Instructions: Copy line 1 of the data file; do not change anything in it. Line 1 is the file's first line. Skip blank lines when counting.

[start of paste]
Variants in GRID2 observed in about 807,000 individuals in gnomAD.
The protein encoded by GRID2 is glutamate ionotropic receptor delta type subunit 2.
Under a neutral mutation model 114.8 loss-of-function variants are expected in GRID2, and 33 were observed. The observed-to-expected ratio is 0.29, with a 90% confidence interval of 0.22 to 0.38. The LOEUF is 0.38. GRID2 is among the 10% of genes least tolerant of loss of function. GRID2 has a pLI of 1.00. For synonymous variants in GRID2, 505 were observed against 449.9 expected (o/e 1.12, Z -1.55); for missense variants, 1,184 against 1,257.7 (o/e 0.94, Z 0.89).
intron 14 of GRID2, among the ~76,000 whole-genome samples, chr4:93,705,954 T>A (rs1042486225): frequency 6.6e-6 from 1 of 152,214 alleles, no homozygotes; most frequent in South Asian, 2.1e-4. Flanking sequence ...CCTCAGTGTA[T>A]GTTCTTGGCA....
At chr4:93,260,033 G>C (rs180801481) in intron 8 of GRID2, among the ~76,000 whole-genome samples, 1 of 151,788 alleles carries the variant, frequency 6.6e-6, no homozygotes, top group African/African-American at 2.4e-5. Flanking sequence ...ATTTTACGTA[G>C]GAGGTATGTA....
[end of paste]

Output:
Variants in GRID2 observed in about 807,000 individuals in gnomAD.